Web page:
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Homeland Insecurity: Initiations, Pedipalps and Negative Geotaxis

{ Archive: the following essay appeared in Java Magazine, and won Honorable Mention for Feature Writing at the Arizona Press Club in 2005 – Photos by Mr. Lee }

In the master bedroom of our relatively contemporary home one might find the mosquito net hanging above the king-size bed out of place—decoratively speaking. Our bedding is sparse, and gone is the handsome bed skirt that once dangled on the wood floor. The only contact our bed has with the floor anymore are the requisite four legs, which each sits in a glass bowl. No, we are not given to superstition or ritual—unless you count turning off all the lights and methodically running a black light up and down the walls, under the bed, and between the sheets every night a ritual.

After our nightly inspection is completed, I slide under the covers and pull the mosquito net around the perimeter of the bed until the ends meet where, for the next eight hours, I fool myself into thinking I’m sealed off from the enemy. Then, at the first light of dawn, even before lifting my head from the pillow, I once again examine my immediate surroundings to see if any intruders joined me during the night. Only then do I entertain the possibility of leaving the cone of security. I untangle myself from the mosquito netting and step directly into a pair of shoes reserved exclusively for me. I’m pleased that I have survived one more night as a desert dweller, where I guess you could call me the intruder.


Scorpions have been around for nearly 400 million years and our house has been here for less than twenty-five of them. Naturally they are still trying to figure out where they fit in. As far as I’m concerned they don’t. I’m not interested in sharing my house and especially my bed with an ancient arachnid—it’s bad enough that a sixty-pound Lab is trying to convince me that she should have that privilege.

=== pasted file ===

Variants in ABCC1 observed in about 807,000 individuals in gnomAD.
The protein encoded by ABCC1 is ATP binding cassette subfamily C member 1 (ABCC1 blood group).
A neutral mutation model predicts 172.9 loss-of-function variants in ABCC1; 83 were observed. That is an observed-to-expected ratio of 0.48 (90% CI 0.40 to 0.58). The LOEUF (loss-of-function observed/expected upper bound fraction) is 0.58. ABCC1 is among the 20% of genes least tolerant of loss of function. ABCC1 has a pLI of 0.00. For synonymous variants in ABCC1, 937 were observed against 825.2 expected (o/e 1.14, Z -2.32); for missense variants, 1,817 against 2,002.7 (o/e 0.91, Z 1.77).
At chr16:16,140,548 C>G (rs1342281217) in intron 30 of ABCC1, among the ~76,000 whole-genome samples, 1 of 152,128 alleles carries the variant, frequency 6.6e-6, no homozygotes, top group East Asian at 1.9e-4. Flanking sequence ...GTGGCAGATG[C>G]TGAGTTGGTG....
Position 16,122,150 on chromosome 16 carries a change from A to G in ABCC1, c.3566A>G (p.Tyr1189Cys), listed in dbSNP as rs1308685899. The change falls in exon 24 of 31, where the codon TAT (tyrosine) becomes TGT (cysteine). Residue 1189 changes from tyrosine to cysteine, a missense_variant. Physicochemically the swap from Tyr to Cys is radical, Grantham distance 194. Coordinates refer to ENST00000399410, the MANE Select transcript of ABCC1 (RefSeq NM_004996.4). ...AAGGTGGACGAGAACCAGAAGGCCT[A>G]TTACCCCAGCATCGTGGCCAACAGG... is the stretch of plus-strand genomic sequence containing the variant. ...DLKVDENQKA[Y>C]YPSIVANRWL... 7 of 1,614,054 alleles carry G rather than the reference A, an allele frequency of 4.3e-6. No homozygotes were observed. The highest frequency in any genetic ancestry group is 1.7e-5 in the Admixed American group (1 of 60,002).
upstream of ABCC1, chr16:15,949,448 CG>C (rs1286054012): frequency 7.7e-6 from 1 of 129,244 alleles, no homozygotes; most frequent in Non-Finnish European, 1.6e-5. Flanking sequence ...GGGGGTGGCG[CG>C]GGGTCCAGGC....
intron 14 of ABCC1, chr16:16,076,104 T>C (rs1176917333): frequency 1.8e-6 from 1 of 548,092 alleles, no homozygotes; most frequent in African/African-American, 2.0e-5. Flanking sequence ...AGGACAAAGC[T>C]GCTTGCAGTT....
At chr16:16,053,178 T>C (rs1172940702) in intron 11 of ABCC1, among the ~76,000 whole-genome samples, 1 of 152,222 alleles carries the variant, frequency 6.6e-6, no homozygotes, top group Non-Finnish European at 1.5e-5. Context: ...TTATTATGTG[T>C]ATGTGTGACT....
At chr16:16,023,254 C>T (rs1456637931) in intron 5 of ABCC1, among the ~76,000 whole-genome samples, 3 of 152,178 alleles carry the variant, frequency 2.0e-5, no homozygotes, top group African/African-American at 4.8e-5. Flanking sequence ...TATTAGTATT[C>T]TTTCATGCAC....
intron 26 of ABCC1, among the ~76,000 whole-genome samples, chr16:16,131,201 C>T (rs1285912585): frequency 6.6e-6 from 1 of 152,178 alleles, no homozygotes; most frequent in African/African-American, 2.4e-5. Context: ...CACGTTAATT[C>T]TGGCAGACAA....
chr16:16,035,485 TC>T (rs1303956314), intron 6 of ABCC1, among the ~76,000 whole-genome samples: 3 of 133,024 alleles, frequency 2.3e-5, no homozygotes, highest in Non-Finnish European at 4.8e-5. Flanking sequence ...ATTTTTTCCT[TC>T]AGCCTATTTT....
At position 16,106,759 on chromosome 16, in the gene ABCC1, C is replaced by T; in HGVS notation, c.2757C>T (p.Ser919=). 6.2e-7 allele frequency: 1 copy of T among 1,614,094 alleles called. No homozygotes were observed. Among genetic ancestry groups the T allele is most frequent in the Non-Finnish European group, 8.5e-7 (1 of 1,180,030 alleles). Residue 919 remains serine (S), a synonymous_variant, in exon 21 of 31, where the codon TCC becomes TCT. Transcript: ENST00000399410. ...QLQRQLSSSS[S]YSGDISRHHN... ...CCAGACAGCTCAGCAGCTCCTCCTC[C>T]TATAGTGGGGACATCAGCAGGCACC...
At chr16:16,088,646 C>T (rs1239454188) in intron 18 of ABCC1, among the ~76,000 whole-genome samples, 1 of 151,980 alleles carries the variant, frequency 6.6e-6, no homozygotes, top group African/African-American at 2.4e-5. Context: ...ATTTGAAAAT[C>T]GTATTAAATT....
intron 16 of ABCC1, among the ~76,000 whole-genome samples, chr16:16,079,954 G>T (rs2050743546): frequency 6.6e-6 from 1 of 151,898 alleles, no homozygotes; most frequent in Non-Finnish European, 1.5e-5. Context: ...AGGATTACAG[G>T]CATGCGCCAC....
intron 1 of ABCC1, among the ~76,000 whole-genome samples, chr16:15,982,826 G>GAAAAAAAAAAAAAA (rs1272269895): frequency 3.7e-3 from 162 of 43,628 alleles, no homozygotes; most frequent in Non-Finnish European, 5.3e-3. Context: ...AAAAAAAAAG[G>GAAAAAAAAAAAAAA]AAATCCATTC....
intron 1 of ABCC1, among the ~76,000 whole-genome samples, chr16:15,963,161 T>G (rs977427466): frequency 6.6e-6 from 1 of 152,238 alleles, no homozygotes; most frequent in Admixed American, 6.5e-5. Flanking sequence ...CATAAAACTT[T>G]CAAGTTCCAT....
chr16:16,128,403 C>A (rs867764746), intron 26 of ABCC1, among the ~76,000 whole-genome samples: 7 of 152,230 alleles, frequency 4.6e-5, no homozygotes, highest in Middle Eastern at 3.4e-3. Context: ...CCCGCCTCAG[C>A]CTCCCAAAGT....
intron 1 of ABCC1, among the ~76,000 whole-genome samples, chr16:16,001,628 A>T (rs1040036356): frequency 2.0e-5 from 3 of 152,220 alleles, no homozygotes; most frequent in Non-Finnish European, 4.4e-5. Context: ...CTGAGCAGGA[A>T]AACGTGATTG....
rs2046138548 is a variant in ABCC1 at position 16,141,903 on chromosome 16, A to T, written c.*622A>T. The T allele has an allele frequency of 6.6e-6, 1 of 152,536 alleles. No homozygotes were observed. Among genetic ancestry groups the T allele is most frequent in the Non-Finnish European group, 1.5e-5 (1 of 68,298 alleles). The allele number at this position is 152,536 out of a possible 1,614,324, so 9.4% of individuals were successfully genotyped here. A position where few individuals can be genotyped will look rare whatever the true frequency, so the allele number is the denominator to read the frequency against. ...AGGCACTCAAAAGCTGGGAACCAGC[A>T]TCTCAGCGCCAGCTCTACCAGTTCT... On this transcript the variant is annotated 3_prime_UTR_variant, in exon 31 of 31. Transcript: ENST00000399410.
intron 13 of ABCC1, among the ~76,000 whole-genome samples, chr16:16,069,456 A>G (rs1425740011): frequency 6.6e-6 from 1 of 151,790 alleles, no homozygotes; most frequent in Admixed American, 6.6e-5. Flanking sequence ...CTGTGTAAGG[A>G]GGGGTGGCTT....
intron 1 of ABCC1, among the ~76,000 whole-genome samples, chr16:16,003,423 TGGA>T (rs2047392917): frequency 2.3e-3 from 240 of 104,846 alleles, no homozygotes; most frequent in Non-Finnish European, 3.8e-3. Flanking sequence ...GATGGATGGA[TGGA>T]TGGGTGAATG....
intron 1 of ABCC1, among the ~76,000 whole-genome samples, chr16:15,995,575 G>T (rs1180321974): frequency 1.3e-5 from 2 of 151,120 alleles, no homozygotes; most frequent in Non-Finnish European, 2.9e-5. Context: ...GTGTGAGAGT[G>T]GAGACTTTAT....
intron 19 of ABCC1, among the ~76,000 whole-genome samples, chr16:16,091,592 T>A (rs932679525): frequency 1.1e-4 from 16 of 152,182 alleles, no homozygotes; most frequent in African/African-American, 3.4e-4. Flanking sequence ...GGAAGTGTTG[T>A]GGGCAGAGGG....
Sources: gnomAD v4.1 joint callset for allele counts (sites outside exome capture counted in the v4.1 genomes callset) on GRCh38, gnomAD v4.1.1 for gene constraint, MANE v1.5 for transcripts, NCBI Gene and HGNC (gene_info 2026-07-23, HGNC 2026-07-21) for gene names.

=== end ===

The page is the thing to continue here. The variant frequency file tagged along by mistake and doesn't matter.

Of our combined six encounters with the deadly bark scorpion, four have been in the privacy of our sleeping quarters, while we were in our most vulnerable state—sound asleep and happily tucked into a comfy bed. Scorpions are nocturnal and so, while we slumber, there are several hours where they are free to roam the contours of our blanket, investigate our pillows and stroll leisurely across our backsides while deciding who should wake up first. They aren’t really looking for trouble, they’re searching for insects and spiders to eat and to find mates—none of which should be in our bed. They aren’t aggressive and usually sting in self-defense. Therein lies the problem. Even if one is asleep, and one feels something crawling on one’s derrière, one’s instinct is to swat it away. This is perceived as an offending act by the scorpion, who truly believes he or she is minding his or her own business. The hapless homeowner is guaranteed to get a warning sting, which is not at all a warning.  It is in fact a sting.

My premiere sting went just as described—except I didn’t recognize it as being that of a scorpion. I thought there was an ant in the bed and I mumbled something to the effect that there were ants in the bed. The ant stung me again, and again on the lower leg. The more I swatted the more I got stung. I was barely beyond annoyed when it eventually stopped. What can I say, I’m a deep sleeper. I began to stir, probably to rub my leg. I rolled over and was stung several times more on the lower back. Finally, having had it with the persistent hexapod, I got out of bed and turned on the light. To my hideous surprise there was a scorpion curled up in my spot. I ran around the room screaming hysterically, quivering uncontrollably, and acting like a baby. I was so horrified by the reality of what had been crawling all over me that I forgot I’d been stung, probably a dozen times, by the most venomous of our three species of scorpions.